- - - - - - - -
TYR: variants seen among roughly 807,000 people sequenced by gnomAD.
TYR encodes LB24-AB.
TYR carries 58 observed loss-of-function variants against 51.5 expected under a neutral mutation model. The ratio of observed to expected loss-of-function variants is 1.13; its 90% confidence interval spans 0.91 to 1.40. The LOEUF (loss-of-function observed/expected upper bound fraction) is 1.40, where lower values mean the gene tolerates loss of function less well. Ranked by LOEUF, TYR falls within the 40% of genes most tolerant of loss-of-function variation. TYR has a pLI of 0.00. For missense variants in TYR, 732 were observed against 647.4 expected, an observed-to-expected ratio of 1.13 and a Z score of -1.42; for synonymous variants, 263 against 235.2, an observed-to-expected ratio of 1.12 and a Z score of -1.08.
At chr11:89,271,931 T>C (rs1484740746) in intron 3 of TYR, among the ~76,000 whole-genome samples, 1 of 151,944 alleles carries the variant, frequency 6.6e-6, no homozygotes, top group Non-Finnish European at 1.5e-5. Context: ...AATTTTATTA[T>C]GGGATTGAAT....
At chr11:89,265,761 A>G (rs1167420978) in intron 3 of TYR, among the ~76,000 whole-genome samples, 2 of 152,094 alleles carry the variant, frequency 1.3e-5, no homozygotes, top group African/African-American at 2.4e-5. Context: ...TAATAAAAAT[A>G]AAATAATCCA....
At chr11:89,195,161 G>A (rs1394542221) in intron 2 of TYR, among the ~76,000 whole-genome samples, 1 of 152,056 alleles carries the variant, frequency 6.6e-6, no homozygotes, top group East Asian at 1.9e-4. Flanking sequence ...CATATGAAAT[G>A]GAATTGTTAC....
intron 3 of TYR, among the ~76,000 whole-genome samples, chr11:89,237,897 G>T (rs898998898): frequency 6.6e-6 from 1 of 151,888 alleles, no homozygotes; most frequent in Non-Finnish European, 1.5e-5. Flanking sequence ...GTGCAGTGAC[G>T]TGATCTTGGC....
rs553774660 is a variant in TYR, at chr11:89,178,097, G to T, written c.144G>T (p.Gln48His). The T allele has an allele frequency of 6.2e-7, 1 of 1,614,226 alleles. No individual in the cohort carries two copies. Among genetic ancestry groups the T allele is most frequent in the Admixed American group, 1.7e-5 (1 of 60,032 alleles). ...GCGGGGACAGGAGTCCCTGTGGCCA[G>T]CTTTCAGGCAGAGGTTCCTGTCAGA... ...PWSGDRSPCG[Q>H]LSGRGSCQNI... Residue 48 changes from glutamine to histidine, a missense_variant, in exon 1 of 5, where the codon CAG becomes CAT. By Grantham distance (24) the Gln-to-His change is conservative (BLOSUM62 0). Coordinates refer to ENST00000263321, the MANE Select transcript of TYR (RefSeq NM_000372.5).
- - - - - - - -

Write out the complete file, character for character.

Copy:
TYR: variants seen among roughly 807,000 people sequenced by gnomAD.
TYR encodes LB24-AB.
TYR carries 58 observed loss-of-function variants against 51.5 expected under a neutral mutation model. The ratio of observed to expected loss-of-function variants is 1.13; its 90% confidence interval spans 0.91 to 1.40. The LOEUF (loss-of-function observed/expected upper bound fraction) is 1.40, where lower values mean the gene tolerates loss of function less well. Ranked by LOEUF, TYR falls within the 40% of genes most tolerant of loss-of-function variation. TYR has a pLI of 0.00. For missense variants in TYR, 732 were observed against 647.4 expected, an observed-to-expected ratio of 1.13 and a Z score of -1.42; for synonymous variants, 263 against 235.2, an observed-to-expected ratio of 1.12 and a Z score of -1.08.
At chr11:89,271,931 T>C (rs1484740746) in intron 3 of TYR, among the ~76,000 whole-genome samples, 1 of 151,944 alleles carries the variant, frequency 6.6e-6, no homozygotes, top group Non-Finnish European at 1.5e-5. Context: ...AATTTTATTA[T>C]GGGATTGAAT....
At chr11:89,265,761 A>G (rs1167420978) in intron 3 of TYR, among the ~76,000 whole-genome samples, 2 of 152,094 alleles carry the variant, frequency 1.3e-5, no homozygotes, top group African/African-American at 2.4e-5. Context: ...TAATAAAAAT[A>G]AAATAATCCA....
At chr11:89,195,161 G>A (rs1394542221) in intron 2 of TYR, among the ~76,000 whole-genome samples, 1 of 152,056 alleles carries the variant, frequency 6.6e-6, no homozygotes, top group East Asian at 1.9e-4. Flanking sequence ...CATATGAAAT[G>A]GAATTGTTAC....
intron 3 of TYR, among the ~76,000 whole-genome samples, chr11:89,237,897 G>T (rs898998898): frequency 6.6e-6 from 1 of 151,888 alleles, no homozygotes; most frequent in Non-Finnish European, 1.5e-5. Flanking sequence ...GTGCAGTGAC[G>T]TGATCTTGGC....
rs553774660 is a variant in TYR, at chr11:89,178,097, G to T, written c.144G>T (p.Gln48His). The T allele has an allele frequency of 6.2e-7, 1 of 1,614,226 alleles. No individual in the cohort carries two copies. Among genetic ancestry groups the T allele is most frequent in the Admixed American group, 1.7e-5 (1 of 60,032 alleles). ...GCGGGGACAGGAGTCCCTGTGGCCA[G>T]CTTTCAGGCAGAGGTTCCTGTCAGA... ...PWSGDRSPCG[Q>H]LSGRGSCQNI... Residue 48 changes from glutamine to histidine, a missense_variant, in exon 1 of 5, where the codon CAG becomes CAT. By Grantham distance (24) the Gln-to-His change is conservative (BLOSUM62 0). Coordinates refer to ENST00000263321, the MANE Select transcript of TYR (RefSeq NM_000372.5).